I’ve taken the journal names as they were published in the St. Joseph newspaper article (left) about Dr. Doy’s trial and attempted to identify them. My sources included census data, material from ancestry.com, various Kansas biographies, material from local historical societies, military records and family stories to try to identify these men. I do not know who would have transcribed Dr. Doy’s journal for the court or the St. Joseph Weekly West, but transcription errors are likely, as are possible name spellings errors on Dr. Doy’s part.
In Jefferson County, Dr. Doy’s first stop was to be at the home of “Mr. Newall, who (l)aid out town” of Oskaloosa. That would be Jesse Newell, an Ohio man who came to Kansas Territory from Iowa in 1856, and co-founded with Joseph Fitzsimmons, Oskaloosa, Kansas Territory. He was a freestater, later described as a Jayhawker and radical Republican, involved in 1856 free-state forces and in Civil War militias. We hear of Jesse Newell again when Dr. Doy is busted out of the Missouri jail by Lawrence area men (future blog post).
“Mr. Barnes, from Ohio,” on Dr. Doy’s Oskaloosa list, is a puzzle, since there were several Barneses in or near Oskaloosa at the time. My guess is Mr. Barnes was Ebenezer James Barnes, born in 1828 in Ohio and associated with Oskaloosa’s other co-founder Joseph Fitzsimmons. Eb Barnes had lived in Harrison Township, Mahaska County, Iowa, in the 1850s where Jesse Newell lived, although Mr. Barnes arrived in Kansas Territory later, in 1858. During the Civil War he was captain of Co. E in the Kansas 5th Cavalry, one of Kansas Sen. James H. Lane’s units. After the Civil War, Eb Barnes remained in Arkansas and died there in 1867. Mr. Barnes’ brother, William Conwell Barnes, is a possibility for “Mr. Barnes, from Ohio.” In addition, Jared Pierpont Barnes, who lived at Rock Creek in western Jefferson County, was said to have been involved in the Underground Railroad. A New York stater, he moved to Kansas Territory in 1857. His home might have been closer to the “Lane Trail,” an UGRR route that went north from Topeka through Jackson County to Holton and to Nebraska. Going to his home would have been out of the way for Dr. Doy, who doesn’t mention going that direction in his notes.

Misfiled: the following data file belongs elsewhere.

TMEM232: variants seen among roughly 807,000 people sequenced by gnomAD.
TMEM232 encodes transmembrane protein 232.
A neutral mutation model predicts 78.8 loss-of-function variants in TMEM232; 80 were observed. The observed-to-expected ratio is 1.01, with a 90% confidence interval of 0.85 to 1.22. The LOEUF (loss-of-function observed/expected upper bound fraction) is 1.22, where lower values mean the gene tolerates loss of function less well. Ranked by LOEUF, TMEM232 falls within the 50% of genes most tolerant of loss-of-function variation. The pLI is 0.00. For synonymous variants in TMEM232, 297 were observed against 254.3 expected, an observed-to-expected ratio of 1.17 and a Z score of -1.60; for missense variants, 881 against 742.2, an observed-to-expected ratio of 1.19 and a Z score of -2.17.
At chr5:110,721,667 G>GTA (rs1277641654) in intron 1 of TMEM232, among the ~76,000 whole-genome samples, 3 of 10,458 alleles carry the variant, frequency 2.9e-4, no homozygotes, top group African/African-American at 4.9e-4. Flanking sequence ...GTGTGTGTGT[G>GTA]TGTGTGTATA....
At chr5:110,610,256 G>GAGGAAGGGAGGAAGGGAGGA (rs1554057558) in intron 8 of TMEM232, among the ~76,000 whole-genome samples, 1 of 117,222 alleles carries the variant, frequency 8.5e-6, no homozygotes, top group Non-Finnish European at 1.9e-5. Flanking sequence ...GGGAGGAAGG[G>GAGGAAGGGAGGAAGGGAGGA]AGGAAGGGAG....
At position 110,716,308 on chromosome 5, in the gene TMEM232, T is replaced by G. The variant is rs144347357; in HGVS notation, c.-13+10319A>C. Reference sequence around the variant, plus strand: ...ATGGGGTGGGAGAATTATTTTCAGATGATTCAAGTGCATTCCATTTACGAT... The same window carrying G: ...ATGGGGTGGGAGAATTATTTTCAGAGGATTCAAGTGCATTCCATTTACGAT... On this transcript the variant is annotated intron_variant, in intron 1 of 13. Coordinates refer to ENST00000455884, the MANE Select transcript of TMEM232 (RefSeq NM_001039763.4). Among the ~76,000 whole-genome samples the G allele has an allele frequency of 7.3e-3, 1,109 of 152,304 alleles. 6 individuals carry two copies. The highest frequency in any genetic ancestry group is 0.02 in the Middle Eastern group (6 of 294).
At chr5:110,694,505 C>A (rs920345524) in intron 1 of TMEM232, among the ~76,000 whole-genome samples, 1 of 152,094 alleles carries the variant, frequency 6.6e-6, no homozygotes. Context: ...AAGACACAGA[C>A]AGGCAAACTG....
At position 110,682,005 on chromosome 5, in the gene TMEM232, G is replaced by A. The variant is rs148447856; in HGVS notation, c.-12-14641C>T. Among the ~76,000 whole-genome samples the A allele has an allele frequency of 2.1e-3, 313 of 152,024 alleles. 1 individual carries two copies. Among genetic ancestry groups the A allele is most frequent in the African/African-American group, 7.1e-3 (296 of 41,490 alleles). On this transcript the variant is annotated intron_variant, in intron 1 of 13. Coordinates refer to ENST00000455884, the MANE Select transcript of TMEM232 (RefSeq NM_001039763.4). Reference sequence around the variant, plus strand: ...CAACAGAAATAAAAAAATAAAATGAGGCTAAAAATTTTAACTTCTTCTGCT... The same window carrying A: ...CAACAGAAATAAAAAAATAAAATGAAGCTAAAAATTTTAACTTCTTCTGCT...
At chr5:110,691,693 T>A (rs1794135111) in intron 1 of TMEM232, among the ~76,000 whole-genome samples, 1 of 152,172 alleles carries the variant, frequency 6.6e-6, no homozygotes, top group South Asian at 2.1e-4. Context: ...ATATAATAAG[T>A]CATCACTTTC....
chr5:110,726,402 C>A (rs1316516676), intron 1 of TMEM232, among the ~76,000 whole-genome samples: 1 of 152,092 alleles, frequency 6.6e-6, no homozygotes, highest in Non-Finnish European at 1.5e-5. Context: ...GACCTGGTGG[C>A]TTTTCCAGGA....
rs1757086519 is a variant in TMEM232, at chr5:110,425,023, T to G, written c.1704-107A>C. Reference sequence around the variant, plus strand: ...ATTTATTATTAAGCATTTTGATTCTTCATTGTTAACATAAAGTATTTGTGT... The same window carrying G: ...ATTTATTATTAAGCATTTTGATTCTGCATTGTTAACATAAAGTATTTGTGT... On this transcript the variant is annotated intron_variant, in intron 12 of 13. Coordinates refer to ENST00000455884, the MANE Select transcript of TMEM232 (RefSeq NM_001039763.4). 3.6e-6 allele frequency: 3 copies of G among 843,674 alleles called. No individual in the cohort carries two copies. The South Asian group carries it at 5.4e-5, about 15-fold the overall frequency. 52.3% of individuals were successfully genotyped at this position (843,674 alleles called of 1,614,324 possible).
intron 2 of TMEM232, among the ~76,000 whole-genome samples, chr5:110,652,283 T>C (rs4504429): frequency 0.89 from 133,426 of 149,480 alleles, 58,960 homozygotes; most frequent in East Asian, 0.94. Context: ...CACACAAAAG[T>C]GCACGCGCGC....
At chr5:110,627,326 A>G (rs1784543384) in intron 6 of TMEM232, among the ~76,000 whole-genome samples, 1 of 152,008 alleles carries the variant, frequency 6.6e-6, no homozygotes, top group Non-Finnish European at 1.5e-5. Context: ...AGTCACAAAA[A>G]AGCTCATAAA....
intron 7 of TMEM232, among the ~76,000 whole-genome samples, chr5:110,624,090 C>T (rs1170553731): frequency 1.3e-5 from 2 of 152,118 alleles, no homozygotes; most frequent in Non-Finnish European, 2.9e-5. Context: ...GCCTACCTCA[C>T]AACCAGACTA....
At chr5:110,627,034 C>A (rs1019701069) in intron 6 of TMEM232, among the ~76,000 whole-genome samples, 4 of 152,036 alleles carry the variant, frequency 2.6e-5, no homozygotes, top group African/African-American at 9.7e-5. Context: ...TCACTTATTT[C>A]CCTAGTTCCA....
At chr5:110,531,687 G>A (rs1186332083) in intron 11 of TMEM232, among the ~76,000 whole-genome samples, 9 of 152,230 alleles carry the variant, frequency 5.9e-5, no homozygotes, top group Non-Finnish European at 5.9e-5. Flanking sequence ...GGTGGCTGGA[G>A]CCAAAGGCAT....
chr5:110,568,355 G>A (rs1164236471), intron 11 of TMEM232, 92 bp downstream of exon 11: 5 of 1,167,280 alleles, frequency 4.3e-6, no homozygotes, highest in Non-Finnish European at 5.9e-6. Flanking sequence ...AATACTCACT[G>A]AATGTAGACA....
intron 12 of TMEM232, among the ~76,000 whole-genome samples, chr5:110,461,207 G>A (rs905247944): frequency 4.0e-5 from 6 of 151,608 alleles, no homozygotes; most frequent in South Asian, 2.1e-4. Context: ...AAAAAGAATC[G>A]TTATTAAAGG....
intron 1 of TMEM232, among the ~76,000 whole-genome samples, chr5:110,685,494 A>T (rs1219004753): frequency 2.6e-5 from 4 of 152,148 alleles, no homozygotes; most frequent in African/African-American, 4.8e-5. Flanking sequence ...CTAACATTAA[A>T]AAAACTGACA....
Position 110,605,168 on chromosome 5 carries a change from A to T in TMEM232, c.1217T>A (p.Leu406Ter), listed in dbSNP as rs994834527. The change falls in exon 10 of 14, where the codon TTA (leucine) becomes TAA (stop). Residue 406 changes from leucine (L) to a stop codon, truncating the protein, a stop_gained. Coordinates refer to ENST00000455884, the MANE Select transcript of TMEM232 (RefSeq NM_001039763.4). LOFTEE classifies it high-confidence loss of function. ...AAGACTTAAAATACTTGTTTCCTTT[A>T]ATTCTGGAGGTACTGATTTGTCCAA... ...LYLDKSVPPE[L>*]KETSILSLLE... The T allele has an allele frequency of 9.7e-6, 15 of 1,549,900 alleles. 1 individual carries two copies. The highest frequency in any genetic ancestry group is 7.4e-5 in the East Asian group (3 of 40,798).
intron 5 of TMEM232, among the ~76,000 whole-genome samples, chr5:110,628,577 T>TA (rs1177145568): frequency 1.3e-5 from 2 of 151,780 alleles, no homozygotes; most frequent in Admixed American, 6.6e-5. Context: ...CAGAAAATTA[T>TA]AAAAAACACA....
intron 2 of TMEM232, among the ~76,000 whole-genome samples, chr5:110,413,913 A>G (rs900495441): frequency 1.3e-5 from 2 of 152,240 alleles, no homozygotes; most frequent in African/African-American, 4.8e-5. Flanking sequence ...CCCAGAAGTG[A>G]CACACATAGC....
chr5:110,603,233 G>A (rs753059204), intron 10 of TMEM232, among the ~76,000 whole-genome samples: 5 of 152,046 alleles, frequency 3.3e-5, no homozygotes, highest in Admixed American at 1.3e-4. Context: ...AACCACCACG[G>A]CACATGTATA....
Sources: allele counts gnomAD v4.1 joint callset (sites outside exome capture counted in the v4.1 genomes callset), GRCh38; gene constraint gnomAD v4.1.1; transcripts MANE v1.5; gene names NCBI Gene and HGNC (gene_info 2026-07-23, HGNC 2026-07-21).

“Mr. W.A. Corwin and J. H. Elliott, from Ohio,” in the Grasshopper Falls (now Valley Falls) area, are difficult to pin down, as well. There were Corwins from New England involved in making Kansas a free state, but not in Valley Falls census records at that time. My guess is William A. Cowan and Thomas H. Elliott, both of Pennsylvania and who arrived in the Valley Falls area in 1855, or one could be Thomas H. Elliott’s father, John Elliott. Both free-staters, William A. Cowan and Thomas H. Elliott later moved on to California.
“Rev. Mr. Moffer,” Valley Falls, was Rev. Josiah B. McAfee. An obituary details his Kansas life. He arrived in Kansas Territory in 1855, alighting in Leavenworth. Pressure from the proslavers led to his move to Grasshopper Falls, where he set up the first permanent Lutheran church in Kansas. His (Union) Civil War service included being chaplain of a Kansas colored regiment. He served various state offices and was a prohibition proponent. Like Mr. Newell, Rev. McAfee enters the picture again after Dr. Doy was rescued from jail.